http://www.lesleyannemcleod.com
http://www.lesleyannemcleod.blogspot.ca/
http://lesleyannemcleod.tumblr.com/
https://www.facebook.com/lesleyanne.mcleod
https://twitter.com/lesleyannemc
https://www.uncialpress.com/Lesley-Anne-McLeod/

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Tuesday’s Table Welcomes Author Jana Richards

I am so excited to be hosted Jana Richards today. Not only is she an incredibly talented storyteller but she’s a friend. She’s here to share her latest release, Home Fires, and talk about her love of baking.

Easy as Pie

I’ve always liked to bake. I remember as a teenager learning to make chocolate chiffon cake. It was the size and shape of an angel food cake, and had a light, airy texture that melted in the mouth and left a nice chocolate buzz. Brownies were also a favorite of mine to bake. I guess I had a thing for chocolate. Still do.

These days I don’t bake much, due to a busy schedule and a concern for my expanding waistline. But one thing I still love to make is pie, especially for guests. Pie crust can be a tricky thing to master, and  honestly, my crusts don’t always turn out as flakey as I would like. The perfect pie crust requires exact balance. Adding a little too much or too little of any of the ingredients can result in frustration and sometimes disaster. At least it does for me.

So when I was looking for a challenging dish for my heroine to master in my novel “Welcome to Paradise”, I had her learn to make pies. Bridget is a talented chef who calls herself the “Queen of the Cocktail Party” because of her expertise with appetizers, but she has little experience with pie. The people of her small North Dakota hometown rally around to teach her. It takes a village not only to raise a child, but also to teach Bridget to bake!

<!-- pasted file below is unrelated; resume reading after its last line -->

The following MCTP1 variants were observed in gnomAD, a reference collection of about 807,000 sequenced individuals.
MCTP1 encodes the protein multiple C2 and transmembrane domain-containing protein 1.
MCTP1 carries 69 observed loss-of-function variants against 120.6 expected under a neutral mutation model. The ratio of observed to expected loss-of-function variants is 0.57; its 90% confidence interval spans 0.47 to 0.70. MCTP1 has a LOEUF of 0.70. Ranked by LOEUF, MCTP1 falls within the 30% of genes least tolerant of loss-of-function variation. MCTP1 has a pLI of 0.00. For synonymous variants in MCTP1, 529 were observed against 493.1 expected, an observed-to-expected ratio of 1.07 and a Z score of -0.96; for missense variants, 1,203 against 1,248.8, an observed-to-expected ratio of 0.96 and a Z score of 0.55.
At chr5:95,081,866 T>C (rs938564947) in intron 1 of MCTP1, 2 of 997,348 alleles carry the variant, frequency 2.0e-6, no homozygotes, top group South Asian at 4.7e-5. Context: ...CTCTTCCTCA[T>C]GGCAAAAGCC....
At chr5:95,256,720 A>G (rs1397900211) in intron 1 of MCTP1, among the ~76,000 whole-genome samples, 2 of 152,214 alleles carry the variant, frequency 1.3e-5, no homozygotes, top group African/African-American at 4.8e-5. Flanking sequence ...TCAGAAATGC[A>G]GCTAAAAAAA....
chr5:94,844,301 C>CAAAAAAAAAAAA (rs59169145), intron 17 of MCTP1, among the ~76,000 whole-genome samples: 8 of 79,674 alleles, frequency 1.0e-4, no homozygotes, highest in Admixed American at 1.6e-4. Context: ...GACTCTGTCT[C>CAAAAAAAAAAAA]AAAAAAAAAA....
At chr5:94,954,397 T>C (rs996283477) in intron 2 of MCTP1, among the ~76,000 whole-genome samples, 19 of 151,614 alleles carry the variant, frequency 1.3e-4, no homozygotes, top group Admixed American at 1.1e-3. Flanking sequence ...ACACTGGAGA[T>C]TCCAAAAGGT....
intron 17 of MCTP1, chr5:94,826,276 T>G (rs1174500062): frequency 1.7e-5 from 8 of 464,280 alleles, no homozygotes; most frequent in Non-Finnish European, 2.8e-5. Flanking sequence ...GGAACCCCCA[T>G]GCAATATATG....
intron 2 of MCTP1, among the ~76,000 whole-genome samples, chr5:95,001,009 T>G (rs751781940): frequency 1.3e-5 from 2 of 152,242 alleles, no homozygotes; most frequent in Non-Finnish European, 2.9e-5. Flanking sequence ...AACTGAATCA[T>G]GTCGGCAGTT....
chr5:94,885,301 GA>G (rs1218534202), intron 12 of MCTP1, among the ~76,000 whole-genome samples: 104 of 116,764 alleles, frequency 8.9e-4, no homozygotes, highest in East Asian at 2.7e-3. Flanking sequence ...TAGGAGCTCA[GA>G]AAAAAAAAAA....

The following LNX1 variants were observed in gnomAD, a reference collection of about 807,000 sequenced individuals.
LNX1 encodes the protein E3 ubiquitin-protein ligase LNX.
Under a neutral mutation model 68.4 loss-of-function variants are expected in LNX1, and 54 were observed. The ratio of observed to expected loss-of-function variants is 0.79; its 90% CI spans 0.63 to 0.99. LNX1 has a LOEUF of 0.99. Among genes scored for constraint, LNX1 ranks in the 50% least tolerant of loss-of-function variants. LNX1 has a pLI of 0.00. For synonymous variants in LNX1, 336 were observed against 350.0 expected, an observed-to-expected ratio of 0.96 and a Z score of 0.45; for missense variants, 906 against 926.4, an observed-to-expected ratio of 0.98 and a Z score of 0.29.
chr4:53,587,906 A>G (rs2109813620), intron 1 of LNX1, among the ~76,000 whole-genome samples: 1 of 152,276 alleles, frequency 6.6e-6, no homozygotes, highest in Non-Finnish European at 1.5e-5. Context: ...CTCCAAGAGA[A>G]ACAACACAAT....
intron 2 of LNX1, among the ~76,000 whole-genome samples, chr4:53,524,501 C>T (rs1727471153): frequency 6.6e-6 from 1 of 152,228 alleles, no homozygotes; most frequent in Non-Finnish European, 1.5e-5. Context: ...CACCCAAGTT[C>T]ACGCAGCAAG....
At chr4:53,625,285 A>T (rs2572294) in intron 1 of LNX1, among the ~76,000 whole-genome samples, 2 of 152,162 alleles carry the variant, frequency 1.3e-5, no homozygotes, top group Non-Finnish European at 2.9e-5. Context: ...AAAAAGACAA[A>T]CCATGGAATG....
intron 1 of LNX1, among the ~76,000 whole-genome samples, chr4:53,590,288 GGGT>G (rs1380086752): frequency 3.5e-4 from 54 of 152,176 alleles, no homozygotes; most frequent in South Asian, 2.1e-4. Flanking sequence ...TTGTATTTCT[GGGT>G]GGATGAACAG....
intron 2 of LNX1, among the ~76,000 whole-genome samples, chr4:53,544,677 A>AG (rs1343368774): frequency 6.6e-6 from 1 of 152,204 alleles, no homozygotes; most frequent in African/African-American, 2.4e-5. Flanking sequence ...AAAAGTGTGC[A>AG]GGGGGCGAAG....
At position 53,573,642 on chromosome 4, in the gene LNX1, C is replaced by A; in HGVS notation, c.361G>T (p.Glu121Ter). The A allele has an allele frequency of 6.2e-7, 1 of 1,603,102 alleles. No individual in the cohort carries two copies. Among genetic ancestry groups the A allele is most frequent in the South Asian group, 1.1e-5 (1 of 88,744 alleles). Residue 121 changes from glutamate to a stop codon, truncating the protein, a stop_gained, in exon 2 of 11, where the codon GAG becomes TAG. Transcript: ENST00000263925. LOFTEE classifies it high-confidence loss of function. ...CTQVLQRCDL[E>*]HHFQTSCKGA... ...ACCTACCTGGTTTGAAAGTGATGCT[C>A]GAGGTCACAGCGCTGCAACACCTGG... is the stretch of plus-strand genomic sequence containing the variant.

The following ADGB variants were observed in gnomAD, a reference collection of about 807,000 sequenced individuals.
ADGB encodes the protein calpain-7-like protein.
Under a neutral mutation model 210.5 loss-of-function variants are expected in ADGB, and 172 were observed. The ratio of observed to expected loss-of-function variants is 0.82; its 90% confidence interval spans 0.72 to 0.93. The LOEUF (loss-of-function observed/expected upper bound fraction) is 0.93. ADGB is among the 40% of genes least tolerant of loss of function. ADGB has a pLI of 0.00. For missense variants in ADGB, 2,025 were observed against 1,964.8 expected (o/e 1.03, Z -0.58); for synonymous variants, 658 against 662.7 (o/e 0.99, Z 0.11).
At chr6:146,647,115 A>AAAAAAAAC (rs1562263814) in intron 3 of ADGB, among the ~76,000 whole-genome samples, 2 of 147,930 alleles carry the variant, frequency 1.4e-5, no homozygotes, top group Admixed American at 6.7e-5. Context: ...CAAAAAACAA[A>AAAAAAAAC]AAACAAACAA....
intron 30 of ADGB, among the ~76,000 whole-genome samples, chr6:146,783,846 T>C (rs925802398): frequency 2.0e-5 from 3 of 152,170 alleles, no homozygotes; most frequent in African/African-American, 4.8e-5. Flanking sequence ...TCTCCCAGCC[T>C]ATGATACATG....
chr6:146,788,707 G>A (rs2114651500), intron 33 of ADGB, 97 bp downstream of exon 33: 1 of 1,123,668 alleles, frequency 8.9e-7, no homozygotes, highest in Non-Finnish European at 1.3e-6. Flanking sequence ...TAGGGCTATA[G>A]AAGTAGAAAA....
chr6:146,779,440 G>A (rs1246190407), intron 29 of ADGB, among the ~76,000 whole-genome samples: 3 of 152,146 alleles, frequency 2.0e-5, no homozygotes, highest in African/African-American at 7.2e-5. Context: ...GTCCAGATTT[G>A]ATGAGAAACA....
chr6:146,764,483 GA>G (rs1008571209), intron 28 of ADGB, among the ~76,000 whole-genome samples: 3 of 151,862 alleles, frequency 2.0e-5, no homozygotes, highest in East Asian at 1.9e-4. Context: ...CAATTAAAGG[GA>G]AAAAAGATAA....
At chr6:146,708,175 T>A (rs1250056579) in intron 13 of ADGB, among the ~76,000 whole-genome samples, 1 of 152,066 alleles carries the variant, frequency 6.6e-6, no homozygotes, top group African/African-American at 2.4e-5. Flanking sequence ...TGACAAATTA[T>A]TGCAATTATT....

Here’s the recipe for pie crust I taught to Bridget:

Fruit Pie Pastry

3 cups all-purpose flour

1 tsp. salt

1 cup shortening (removed from fridge about an hour before using)

8 tbsp. ice water (approximately)

2 tbsp. milk

Place oven rack on lowest level and preheat oven to 450 F. Sift flour, then measure into a bowl that will accommodate it but isn’t too big. Add salt. Add shortening to flour and use a knife to cut into dice-sized pieces. Then using a wide-bladed pastry blender, quickly combine shortening and flour until fully integrated and there’s no loose flour in bowl.

Add ice water one tablespoon at a time in different parts of the bowl. Use a table fork to quickly stir mixture. If it doesn’t start to form a ball, add another 1 to 2 tablespoons ice water and continue stirring vigorously.

When dough starts to come together in a ball, remove it from the bowl, shape it into a more uniform ball and cut in half. Generously flour a plastic pastry sheet or large wax paper. Place one of the dough halves in the centre and flatten slightly with your hand. Place a large piece of waxed paper on top and use a rolling pin on top of the waxed paper to work dough into a large, fairly thin circle that is large enough to cover the pie plate.